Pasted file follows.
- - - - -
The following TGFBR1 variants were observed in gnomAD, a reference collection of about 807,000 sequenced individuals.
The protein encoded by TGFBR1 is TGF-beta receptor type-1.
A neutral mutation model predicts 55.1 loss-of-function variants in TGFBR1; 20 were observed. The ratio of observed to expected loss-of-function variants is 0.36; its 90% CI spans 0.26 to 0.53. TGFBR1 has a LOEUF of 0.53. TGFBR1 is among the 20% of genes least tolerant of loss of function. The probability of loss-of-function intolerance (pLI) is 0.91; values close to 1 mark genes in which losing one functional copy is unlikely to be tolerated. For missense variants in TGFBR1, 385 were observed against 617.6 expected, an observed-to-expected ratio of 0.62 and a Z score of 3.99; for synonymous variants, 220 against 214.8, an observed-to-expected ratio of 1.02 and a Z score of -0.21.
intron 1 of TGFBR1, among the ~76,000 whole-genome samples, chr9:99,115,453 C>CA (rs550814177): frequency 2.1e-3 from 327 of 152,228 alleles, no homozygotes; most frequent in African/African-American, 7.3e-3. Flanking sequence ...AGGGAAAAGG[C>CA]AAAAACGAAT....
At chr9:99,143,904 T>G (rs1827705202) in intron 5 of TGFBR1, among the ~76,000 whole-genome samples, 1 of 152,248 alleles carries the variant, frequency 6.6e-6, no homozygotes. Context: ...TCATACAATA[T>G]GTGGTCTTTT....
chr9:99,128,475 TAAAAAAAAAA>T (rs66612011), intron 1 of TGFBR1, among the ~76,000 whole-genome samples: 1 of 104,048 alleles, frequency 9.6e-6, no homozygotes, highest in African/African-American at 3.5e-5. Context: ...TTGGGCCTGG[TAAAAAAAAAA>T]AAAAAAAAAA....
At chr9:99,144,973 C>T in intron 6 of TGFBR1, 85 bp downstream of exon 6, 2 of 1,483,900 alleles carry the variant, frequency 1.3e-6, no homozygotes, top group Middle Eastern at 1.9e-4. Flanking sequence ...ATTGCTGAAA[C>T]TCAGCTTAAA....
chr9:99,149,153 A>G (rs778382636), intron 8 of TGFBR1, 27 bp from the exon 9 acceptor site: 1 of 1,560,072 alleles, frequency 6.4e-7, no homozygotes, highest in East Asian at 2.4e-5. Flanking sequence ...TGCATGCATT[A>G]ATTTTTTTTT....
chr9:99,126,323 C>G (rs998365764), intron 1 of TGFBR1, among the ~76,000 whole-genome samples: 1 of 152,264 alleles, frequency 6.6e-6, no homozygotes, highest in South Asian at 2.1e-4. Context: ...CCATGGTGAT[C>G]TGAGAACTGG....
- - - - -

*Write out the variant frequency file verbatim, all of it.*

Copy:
The following TGFBR1 variants were observed in gnomAD, a reference collection of about 807,000 sequenced individuals.
The protein encoded by TGFBR1 is TGF-beta receptor type-1.
A neutral mutation model predicts 55.1 loss-of-function variants in TGFBR1; 20 were observed. The ratio of observed to expected loss-of-function variants is 0.36; its 90% CI spans 0.26 to 0.53. TGFBR1 has a LOEUF of 0.53. TGFBR1 is among the 20% of genes least tolerant of loss of function. The probability of loss-of-function intolerance (pLI) is 0.91; values close to 1 mark genes in which losing one functional copy is unlikely to be tolerated. For missense variants in TGFBR1, 385 were observed against 617.6 expected, an observed-to-expected ratio of 0.62 and a Z score of 3.99; for synonymous variants, 220 against 214.8, an observed-to-expected ratio of 1.02 and a Z score of -0.21.
intron 1 of TGFBR1, among the ~76,000 whole-genome samples, chr9:99,115,453 C>CA (rs550814177): frequency 2.1e-3 from 327 of 152,228 alleles, no homozygotes; most frequent in African/African-American, 7.3e-3. Flanking sequence ...AGGGAAAAGG[C>CA]AAAAACGAAT....
At chr9:99,143,904 T>G (rs1827705202) in intron 5 of TGFBR1, among the ~76,000 whole-genome samples, 1 of 152,248 alleles carries the variant, frequency 6.6e-6, no homozygotes. Context: ...TCATACAATA[T>G]GTGGTCTTTT....
chr9:99,128,475 TAAAAAAAAAA>T (rs66612011), intron 1 of TGFBR1, among the ~76,000 whole-genome samples: 1 of 104,048 alleles, frequency 9.6e-6, no homozygotes, highest in African/African-American at 3.5e-5. Context: ...TTGGGCCTGG[TAAAAAAAAAA>T]AAAAAAAAAA....
At chr9:99,144,973 C>T in intron 6 of TGFBR1, 85 bp downstream of exon 6, 2 of 1,483,900 alleles carry the variant, frequency 1.3e-6, no homozygotes, top group Middle Eastern at 1.9e-4. Flanking sequence ...ATTGCTGAAA[C>T]TCAGCTTAAA....
chr9:99,149,153 A>G (rs778382636), intron 8 of TGFBR1, 27 bp from the exon 9 acceptor site: 1 of 1,560,072 alleles, frequency 6.4e-7, no homozygotes, highest in East Asian at 2.4e-5. Flanking sequence ...TGCATGCATT[A>G]ATTTTTTTTT....
chr9:99,126,323 C>G (rs998365764), intron 1 of TGFBR1, among the ~76,000 whole-genome samples: 1 of 152,264 alleles, frequency 6.6e-6, no homozygotes, highest in South Asian at 2.1e-4. Context: ...CCATGGTGAT[C>G]TGAGAACTGG....